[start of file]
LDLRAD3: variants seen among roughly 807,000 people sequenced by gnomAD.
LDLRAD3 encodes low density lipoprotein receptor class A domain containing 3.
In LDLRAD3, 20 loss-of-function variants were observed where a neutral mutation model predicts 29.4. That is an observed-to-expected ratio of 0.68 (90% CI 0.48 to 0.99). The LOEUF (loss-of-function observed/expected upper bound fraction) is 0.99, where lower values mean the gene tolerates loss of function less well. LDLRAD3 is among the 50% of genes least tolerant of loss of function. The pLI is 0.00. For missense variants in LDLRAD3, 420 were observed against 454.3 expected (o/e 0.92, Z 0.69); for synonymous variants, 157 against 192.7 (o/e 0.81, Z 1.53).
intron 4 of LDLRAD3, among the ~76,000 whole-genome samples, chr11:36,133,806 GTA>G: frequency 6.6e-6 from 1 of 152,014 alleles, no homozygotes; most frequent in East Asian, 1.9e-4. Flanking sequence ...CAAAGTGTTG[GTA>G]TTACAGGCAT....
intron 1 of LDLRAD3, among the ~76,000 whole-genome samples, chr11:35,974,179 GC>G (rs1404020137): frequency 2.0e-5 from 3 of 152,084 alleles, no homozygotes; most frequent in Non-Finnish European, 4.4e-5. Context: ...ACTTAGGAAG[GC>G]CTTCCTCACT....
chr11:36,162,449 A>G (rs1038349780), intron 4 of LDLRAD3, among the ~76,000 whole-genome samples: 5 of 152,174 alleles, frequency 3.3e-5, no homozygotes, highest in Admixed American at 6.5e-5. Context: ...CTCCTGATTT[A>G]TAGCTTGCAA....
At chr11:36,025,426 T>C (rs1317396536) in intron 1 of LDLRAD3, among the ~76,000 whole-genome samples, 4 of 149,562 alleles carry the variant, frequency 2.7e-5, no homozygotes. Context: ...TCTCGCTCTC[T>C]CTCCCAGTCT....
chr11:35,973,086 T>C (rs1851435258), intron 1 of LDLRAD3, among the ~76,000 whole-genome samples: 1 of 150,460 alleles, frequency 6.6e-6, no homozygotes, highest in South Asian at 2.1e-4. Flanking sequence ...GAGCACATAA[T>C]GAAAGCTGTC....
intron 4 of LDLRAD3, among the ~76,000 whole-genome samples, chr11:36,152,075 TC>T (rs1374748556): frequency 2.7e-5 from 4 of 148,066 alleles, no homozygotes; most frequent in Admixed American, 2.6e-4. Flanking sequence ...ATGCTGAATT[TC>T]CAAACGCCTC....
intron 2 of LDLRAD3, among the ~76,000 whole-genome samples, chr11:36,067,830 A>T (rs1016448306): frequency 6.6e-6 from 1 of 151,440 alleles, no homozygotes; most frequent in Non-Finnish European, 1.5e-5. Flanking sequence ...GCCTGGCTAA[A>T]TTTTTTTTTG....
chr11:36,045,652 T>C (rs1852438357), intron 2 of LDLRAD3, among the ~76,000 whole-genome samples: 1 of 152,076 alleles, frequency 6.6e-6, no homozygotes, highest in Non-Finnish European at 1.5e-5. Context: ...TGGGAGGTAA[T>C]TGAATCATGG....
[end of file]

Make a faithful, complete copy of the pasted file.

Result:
LDLRAD3: variants seen among roughly 807,000 people sequenced by gnomAD.
LDLRAD3 encodes low density lipoprotein receptor class A domain containing 3.
In LDLRAD3, 20 loss-of-function variants were observed where a neutral mutation model predicts 29.4. That is an observed-to-expected ratio of 0.68 (90% CI 0.48 to 0.99). The LOEUF (loss-of-function observed/expected upper bound fraction) is 0.99, where lower values mean the gene tolerates loss of function less well. LDLRAD3 is among the 50% of genes least tolerant of loss of function. The pLI is 0.00. For missense variants in LDLRAD3, 420 were observed against 454.3 expected (o/e 0.92, Z 0.69); for synonymous variants, 157 against 192.7 (o/e 0.81, Z 1.53).
intron 4 of LDLRAD3, among the ~76,000 whole-genome samples, chr11:36,133,806 GTA>G: frequency 6.6e-6 from 1 of 152,014 alleles, no homozygotes; most frequent in East Asian, 1.9e-4. Flanking sequence ...CAAAGTGTTG[GTA>G]TTACAGGCAT....
intron 1 of LDLRAD3, among the ~76,000 whole-genome samples, chr11:35,974,179 GC>G (rs1404020137): frequency 2.0e-5 from 3 of 152,084 alleles, no homozygotes; most frequent in Non-Finnish European, 4.4e-5. Context: ...ACTTAGGAAG[GC>G]CTTCCTCACT....
chr11:36,162,449 A>G (rs1038349780), intron 4 of LDLRAD3, among the ~76,000 whole-genome samples: 5 of 152,174 alleles, frequency 3.3e-5, no homozygotes, highest in Admixed American at 6.5e-5. Context: ...CTCCTGATTT[A>G]TAGCTTGCAA....
At chr11:36,025,426 T>C (rs1317396536) in intron 1 of LDLRAD3, among the ~76,000 whole-genome samples, 4 of 149,562 alleles carry the variant, frequency 2.7e-5, no homozygotes. Context: ...TCTCGCTCTC[T>C]CTCCCAGTCT....
chr11:35,973,086 T>C (rs1851435258), intron 1 of LDLRAD3, among the ~76,000 whole-genome samples: 1 of 150,460 alleles, frequency 6.6e-6, no homozygotes, highest in South Asian at 2.1e-4. Flanking sequence ...GAGCACATAA[T>C]GAAAGCTGTC....
intron 4 of LDLRAD3, among the ~76,000 whole-genome samples, chr11:36,152,075 TC>T (rs1374748556): frequency 2.7e-5 from 4 of 148,066 alleles, no homozygotes; most frequent in Admixed American, 2.6e-4. Flanking sequence ...ATGCTGAATT[TC>T]CAAACGCCTC....
intron 2 of LDLRAD3, among the ~76,000 whole-genome samples, chr11:36,067,830 A>T (rs1016448306): frequency 6.6e-6 from 1 of 151,440 alleles, no homozygotes; most frequent in Non-Finnish European, 1.5e-5. Flanking sequence ...GCCTGGCTAA[A>T]TTTTTTTTTG....
chr11:36,045,652 T>C (rs1852438357), intron 2 of LDLRAD3, among the ~76,000 whole-genome samples: 1 of 152,076 alleles, frequency 6.6e-6, no homozygotes, highest in Non-Finnish European at 1.5e-5. Context: ...TGGGAGGTAA[T>C]TGAATCATGG....